Part F - Change in net worth
The main purpose for the recording of other economic flows in GFS is to record the effects on net worth. Other economic flows are recorded in the statement of stocks and flows, the statement of stocks and flows of financial assets and liabilities by source, and the statement of total changes in net worth. Paragraph 10.2 of the IMF GFSM 2014 describes the change in net worth due to other economic flows as the sum of the change in net worth due to holding gains or losses and the change in net worth due to other changes in the volume of assets. In particular:
- The change in net worth due to holding gains and losses is defined as the sum of the positive or negative holding gains on all assets and liabilities.
- The change in net worth due to other changes in volume is defined as the sum of the positive and negative other changes in the volume of assets and liabilities.
The types of other economic flow events that add to net worth include the discovery and extraction of mineral deposits or other subsoil assets, natural growth of uncultivated biological resources (such as natural forests or fish stocks) and the recognition of assets not currently included in the balance sheet. The type of events that result in reductions to net worth include the unilateral writing off of bad debts by creditors, destruction of assets by fire (or other catastrophe) and the depletion of naturally occurring assets (e.g. virgin forests, fisheries) as a result of physical removal or use. Also included in other volume changes are changes to net worth resulting from reclassifications of institutional units, or assets / liabilities.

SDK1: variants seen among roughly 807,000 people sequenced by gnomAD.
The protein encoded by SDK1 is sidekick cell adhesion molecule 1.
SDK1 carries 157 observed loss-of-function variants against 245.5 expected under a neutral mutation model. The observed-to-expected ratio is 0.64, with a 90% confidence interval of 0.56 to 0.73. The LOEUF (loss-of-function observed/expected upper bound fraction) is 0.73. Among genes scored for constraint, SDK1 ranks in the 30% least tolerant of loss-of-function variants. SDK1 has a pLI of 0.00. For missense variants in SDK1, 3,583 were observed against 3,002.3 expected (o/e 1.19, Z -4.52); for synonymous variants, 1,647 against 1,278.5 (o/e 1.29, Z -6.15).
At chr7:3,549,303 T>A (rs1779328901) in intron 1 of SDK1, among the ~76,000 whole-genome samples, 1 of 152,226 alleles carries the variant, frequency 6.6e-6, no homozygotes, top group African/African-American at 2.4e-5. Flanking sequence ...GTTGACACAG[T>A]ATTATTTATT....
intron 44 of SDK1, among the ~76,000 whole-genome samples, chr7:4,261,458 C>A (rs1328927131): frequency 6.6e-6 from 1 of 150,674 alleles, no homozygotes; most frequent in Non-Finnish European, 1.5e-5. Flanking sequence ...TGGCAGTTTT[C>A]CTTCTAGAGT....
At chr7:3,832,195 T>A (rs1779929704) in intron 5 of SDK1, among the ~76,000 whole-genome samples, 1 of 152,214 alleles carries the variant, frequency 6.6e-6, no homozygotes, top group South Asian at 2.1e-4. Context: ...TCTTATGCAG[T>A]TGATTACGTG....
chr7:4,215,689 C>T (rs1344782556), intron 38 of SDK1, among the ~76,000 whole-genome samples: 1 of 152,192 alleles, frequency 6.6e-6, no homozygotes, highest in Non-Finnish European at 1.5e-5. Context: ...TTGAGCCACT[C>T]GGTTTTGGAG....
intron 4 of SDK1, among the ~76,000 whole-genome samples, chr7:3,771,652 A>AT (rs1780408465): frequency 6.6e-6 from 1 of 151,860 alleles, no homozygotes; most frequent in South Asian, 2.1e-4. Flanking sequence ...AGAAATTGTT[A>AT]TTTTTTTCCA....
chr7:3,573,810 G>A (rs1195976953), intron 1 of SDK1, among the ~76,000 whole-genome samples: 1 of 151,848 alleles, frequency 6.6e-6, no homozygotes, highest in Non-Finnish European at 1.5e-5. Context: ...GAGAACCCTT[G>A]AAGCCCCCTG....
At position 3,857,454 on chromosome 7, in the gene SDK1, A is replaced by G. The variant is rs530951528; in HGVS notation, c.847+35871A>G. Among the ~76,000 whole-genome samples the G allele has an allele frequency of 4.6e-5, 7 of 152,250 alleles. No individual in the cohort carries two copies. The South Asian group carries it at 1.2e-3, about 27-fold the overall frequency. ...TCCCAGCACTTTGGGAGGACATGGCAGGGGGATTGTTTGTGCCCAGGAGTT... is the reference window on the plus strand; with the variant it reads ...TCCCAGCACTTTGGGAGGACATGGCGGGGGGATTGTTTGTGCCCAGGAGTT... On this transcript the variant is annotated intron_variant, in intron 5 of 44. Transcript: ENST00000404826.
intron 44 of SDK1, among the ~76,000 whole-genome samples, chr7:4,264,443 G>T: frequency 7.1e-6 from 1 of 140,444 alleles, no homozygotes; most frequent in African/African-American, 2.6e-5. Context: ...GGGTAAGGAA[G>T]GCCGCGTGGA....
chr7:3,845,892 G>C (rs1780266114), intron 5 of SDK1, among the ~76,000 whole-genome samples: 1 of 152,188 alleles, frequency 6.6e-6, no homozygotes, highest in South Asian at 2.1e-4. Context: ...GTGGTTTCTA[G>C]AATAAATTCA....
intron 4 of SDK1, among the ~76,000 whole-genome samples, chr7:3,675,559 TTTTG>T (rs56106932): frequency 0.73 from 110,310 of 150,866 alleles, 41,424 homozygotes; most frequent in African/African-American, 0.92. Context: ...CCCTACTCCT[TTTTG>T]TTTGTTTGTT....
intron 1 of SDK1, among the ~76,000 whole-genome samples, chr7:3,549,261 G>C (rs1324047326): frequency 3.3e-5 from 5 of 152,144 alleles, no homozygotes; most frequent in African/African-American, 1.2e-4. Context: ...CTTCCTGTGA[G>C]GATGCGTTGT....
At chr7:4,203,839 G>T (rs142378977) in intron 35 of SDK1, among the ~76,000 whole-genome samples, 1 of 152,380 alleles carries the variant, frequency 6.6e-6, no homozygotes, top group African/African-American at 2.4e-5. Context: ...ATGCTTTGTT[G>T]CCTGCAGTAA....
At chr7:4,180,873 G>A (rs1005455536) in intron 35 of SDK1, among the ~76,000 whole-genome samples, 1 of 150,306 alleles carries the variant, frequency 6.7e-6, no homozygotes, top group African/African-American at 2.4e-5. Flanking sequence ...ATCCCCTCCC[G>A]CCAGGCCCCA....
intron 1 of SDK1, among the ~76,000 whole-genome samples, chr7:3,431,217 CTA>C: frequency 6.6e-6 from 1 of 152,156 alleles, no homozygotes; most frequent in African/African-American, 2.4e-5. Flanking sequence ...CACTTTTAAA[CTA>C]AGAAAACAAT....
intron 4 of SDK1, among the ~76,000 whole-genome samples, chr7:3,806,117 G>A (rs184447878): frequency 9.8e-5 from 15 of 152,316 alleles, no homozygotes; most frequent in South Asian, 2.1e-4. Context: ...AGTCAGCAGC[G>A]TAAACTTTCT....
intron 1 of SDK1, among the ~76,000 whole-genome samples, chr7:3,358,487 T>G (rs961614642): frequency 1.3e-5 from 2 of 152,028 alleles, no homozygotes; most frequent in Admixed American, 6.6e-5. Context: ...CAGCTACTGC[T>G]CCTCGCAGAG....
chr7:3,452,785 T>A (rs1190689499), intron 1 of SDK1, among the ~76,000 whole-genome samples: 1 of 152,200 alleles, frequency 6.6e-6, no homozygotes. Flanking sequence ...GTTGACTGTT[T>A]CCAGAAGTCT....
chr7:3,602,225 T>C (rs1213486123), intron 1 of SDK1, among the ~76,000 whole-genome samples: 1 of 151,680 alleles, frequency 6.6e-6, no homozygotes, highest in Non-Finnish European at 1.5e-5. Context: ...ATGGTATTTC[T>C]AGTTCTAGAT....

Paragraph 10.3 of the IMF GFSM 2014 states that many other economic flows change both the value of an asset or a liability and the value of net worth by the same amount. For example, holding gains that lead to an increase in the value of assets increase net worth. In contrast, other economic flows related to reclassifications do not affect total net worth. These reclassifications change the value of two assets or two liabilities by the same amount but with opposite signs, or they change one asset and one liability by the same amount, for example, the reclassification of a loan when it becomes negotiable.